The lyrics are by Sting, from his original musical, “The Last Ship,” and he tells the story of writing it in his TED talk. He had battled for years with being unable to write songs, and it was only when he returned to where he was born, near a shipyard on the northeast coast of England, that things changed.

“It's ironic that the landscape I'd worked so hard to escape from, and the community that I'd more or less abandoned and exiled myself from should be the very landscape, the very community I would have to return to to find my missing muse.
And as soon as I did that, as soon as I decided to honor the community I came from and tell their story, that the songs started to come thick and fast.”

Here’s a recording of a live performance of the music. I listen to it often.

A better approach to mentoring at work

I had two kinds of mentors when I worked in big organizations. One was assigned to me as part of a mentoring program. He was a direct report of the head of our division, and his secretary would occasionally arrange a lunch appointment for us. Because of his position, I was cautious about what I said to him.

My other mentors weren’t part of any program. They were people I chose, either because they excelled at what they did or because they cared enough about me to listen and provide objective feedback.

Who do you think I learned more from?

Most companies I speak with fully understand the value of good mentoring relationships, yet they’re stuck with traditional programs. Here are two ways they can do better.

Peer mentoring

Part of what makes for a successful mentoring relationship is choice. Preserving both parties’ perception of control will directly increase their motivation. Another part is psychological safety. Even with the presumption of confidentiality, it’s hard to be vulnerable when you’re talking to someone who's directly responsible for your compensation or promotion (or is closely connected to someone who is).

Peer mentoring can help with these issues, especially if it’s a group of peers, and their aggregated knowledge, networks, and experience can be considerable. A Lean In Circle is a good example of such a group. 

Another example is a Working Out Loud Circle. Instead of offering just general support, each person takes specific steps towards a goal they care about, and develops relationship-building skills as they do. Simple guides for each meeting provide structure, and ensure that each person has both something to gain and something to offer. More than a conversation each week, it's a shared experience, one that individuals can repeat with each new goal they pursue.

Reverse mentors

Reverse mentor programs flip the traditional model, with a (generally) younger person providing some kind of coaching or support to a more senior manager. The programs are opt-in, which preserves autonomy on both sides. The topics are usually centered around things younger people would naturally know more about (technology, perhaps, or “what millenials want”). That preserves psychological safety.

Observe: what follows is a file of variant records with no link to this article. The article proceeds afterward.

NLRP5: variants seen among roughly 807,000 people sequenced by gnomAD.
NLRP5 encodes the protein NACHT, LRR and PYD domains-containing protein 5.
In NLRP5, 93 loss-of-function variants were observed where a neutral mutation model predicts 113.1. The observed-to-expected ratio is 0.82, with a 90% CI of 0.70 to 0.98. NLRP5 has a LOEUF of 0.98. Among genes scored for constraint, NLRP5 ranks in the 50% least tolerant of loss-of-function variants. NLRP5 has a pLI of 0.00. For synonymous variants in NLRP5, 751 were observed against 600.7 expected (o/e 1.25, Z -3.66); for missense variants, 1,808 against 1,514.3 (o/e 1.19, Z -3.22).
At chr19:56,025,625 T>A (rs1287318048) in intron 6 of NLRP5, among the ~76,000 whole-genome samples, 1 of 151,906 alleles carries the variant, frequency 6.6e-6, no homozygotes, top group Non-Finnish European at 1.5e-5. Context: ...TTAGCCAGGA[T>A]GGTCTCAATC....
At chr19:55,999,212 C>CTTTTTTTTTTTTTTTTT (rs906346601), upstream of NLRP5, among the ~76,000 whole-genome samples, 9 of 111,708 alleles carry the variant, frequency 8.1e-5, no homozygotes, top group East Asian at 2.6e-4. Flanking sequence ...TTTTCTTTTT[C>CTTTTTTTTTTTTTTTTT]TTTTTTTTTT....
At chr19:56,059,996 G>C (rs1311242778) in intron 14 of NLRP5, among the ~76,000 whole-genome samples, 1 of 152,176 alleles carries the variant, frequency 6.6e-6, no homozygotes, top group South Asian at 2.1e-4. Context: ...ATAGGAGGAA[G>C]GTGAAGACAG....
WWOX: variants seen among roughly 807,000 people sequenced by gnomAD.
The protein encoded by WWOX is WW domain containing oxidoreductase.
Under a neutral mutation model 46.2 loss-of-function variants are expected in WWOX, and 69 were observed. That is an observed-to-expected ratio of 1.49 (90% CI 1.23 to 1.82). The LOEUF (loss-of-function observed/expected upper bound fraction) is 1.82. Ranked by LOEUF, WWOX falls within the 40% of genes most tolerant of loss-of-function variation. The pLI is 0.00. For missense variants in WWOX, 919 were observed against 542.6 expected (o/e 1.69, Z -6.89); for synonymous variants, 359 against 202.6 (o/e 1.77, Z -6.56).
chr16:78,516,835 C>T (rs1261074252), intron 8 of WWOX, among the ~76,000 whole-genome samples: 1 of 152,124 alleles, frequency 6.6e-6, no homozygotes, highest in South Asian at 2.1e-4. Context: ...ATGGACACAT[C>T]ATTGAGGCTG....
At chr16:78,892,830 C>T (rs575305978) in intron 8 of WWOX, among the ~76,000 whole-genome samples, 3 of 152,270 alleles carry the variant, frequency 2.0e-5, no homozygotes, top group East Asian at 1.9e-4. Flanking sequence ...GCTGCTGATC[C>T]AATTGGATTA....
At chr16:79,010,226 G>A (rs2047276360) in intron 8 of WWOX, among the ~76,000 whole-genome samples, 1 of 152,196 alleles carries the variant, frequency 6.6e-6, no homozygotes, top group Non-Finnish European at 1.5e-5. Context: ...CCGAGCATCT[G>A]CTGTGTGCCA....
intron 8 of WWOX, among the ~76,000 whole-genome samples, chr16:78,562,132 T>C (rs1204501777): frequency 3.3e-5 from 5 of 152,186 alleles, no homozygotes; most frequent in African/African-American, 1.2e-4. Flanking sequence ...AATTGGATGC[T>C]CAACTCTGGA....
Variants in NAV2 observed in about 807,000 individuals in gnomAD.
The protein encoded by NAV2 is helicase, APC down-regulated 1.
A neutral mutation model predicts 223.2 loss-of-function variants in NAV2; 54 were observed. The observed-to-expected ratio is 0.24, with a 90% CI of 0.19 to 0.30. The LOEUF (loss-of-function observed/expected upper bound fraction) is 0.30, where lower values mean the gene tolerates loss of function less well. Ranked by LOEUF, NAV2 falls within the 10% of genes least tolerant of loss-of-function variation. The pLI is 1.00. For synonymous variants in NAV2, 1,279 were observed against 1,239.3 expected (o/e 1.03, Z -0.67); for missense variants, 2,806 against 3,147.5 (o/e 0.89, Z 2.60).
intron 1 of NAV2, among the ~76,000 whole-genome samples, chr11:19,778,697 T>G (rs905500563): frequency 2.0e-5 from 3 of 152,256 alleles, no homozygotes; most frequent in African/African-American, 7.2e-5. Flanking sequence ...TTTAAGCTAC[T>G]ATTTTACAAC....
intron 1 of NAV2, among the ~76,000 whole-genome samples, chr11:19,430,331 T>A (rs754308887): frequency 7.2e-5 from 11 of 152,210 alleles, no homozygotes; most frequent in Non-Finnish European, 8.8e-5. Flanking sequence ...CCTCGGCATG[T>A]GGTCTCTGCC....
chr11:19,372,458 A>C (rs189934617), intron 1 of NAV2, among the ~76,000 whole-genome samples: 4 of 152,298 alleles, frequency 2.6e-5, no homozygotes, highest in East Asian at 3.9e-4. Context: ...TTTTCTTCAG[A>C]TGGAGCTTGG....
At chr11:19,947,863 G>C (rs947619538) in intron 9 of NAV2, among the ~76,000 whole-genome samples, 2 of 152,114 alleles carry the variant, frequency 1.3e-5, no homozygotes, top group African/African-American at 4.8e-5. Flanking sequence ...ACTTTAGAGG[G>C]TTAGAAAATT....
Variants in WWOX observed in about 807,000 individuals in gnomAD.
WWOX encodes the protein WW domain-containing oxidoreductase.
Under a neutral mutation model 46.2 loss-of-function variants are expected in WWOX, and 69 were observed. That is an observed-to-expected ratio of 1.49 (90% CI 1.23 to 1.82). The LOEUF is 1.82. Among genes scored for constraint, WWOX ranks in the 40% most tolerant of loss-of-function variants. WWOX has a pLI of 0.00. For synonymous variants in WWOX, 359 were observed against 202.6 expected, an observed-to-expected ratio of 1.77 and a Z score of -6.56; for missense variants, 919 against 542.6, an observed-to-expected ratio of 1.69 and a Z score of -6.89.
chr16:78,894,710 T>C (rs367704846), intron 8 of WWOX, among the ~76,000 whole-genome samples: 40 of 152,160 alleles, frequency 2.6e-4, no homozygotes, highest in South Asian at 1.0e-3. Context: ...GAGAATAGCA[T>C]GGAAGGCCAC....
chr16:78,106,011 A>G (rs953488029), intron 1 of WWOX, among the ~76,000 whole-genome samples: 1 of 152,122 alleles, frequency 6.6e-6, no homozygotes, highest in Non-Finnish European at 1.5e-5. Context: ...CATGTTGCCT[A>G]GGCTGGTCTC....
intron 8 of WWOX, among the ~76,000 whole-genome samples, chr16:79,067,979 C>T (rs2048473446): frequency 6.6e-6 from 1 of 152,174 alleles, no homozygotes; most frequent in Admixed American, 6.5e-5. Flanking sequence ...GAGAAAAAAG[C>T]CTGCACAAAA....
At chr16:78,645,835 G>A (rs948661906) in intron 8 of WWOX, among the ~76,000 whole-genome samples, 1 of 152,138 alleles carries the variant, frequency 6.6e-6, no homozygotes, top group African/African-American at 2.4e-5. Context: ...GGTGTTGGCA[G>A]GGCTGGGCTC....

Such a program can provide a safe place for executives to learn about something new, and for the reverse mentor to become more familiar with what managers do and how they do it. But most programs lack the structure to provide meaningful exchanges or experiences, and waste the opportunity. It can become, like the lunches with my mentor, just a series of periodic chats. Nice, but insubstantial.

To solve that problem, there’s a version of Working Out Loud Guides specifically developed for such a program. (You could also use them with executive assistants acting as reverse mentors.) Each week, the guides specify preparation the reverse mentor does before the meeting. Then they offer the manager simple steps for using digital tools to reach and engage people. Through deliberate practice in each session, the executive learns how to search and listen online, to connect with people, and to reinforce desired behaviors. 

An experiment you can try in your organization

Though simple, these lightweight mentoring programs can solve some longstanding problems. 

Take, for example, the use of digital tools by executives. Organizations spend millions on new tools for communicating and collaborating, and yet most of their executives don’t take advantage of them. When I mentioned that to a group of HR professionals this week, the audience responded with a lot of head nodding and nervous laughter. “We have a lot of work to do,” they said. But they also agreed they could easily find ten managers who would participate in a “Digital Leaders” reverse mentoring program. Those ten managers, working in a more visible way, could then inspire the next twenty, and so on.